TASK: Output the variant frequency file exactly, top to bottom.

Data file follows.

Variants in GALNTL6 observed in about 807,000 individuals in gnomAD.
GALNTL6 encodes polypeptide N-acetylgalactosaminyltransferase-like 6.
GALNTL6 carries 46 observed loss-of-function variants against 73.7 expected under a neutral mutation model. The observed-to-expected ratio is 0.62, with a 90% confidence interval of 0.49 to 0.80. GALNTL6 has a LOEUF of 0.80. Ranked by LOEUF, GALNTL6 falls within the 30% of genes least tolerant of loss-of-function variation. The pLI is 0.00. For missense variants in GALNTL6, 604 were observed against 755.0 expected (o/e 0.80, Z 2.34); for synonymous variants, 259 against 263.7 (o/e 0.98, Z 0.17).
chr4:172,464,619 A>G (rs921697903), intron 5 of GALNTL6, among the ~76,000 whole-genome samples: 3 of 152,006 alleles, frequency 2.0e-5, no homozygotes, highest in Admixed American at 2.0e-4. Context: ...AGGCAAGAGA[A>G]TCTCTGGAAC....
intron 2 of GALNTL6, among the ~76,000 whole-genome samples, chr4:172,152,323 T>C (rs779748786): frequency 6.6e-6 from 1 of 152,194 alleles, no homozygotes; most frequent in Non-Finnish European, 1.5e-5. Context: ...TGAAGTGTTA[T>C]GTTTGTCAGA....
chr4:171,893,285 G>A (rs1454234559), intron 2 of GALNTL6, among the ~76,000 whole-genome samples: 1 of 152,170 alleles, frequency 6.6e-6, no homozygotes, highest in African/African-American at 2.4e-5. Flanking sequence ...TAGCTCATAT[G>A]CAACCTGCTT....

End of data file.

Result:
Variants in GALNTL6 observed in about 807,000 individuals in gnomAD.
GALNTL6 encodes polypeptide N-acetylgalactosaminyltransferase-like 6.
GALNTL6 carries 46 observed loss-of-function variants against 73.7 expected under a neutral mutation model. The observed-to-expected ratio is 0.62, with a 90% confidence interval of 0.49 to 0.80. GALNTL6 has a LOEUF of 0.80. Ranked by LOEUF, GALNTL6 falls within the 30% of genes least tolerant of loss-of-function variation. The pLI is 0.00. For missense variants in GALNTL6, 604 were observed against 755.0 expected (o/e 0.80, Z 2.34); for synonymous variants, 259 against 263.7 (o/e 0.98, Z 0.17).
chr4:172,464,619 A>G (rs921697903), intron 5 of GALNTL6, among the ~76,000 whole-genome samples: 3 of 152,006 alleles, frequency 2.0e-5, no homozygotes, highest in Admixed American at 2.0e-4. Context: ...AGGCAAGAGA[A>G]TCTCTGGAAC....
intron 2 of GALNTL6, among the ~76,000 whole-genome samples, chr4:172,152,323 T>C (rs779748786): frequency 6.6e-6 from 1 of 152,194 alleles, no homozygotes; most frequent in Non-Finnish European, 1.5e-5. Context: ...TGAAGTGTTA[T>C]GTTTGTCAGA....
chr4:171,893,285 G>A (rs1454234559), intron 2 of GALNTL6, among the ~76,000 whole-genome samples: 1 of 152,170 alleles, frequency 6.6e-6, no homozygotes, highest in African/African-American at 2.4e-5. Flanking sequence ...TAGCTCATAT[G>A]CAACCTGCTT....